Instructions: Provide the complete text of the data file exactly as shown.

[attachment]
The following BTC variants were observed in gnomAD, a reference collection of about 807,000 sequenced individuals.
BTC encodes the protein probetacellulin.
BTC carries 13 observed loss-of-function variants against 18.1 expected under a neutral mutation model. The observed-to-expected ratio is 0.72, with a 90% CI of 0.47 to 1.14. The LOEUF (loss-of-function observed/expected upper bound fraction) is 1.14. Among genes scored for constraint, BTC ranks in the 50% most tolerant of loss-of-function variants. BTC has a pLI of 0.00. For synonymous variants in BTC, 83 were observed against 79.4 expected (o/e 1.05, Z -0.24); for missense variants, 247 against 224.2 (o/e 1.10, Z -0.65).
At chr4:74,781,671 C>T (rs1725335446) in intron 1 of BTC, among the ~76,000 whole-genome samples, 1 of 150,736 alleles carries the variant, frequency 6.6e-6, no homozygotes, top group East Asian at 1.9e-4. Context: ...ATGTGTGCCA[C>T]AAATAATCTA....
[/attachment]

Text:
The following BTC variants were observed in gnomAD, a reference collection of about 807,000 sequenced individuals.
BTC encodes the protein probetacellulin.
BTC carries 13 observed loss-of-function variants against 18.1 expected under a neutral mutation model. The observed-to-expected ratio is 0.72, with a 90% CI of 0.47 to 1.14. The LOEUF (loss-of-function observed/expected upper bound fraction) is 1.14. Among genes scored for constraint, BTC ranks in the 50% most tolerant of loss-of-function variants. BTC has a pLI of 0.00. For synonymous variants in BTC, 83 were observed against 79.4 expected (o/e 1.05, Z -0.24); for missense variants, 247 against 224.2 (o/e 1.10, Z -0.65).
At chr4:74,781,671 C>T (rs1725335446) in intron 1 of BTC, among the ~76,000 whole-genome samples, 1 of 150,736 alleles carries the variant, frequency 6.6e-6, no homozygotes, top group East Asian at 1.9e-4. Context: ...ATGTGTGCCA[C>T]AAATAATCTA....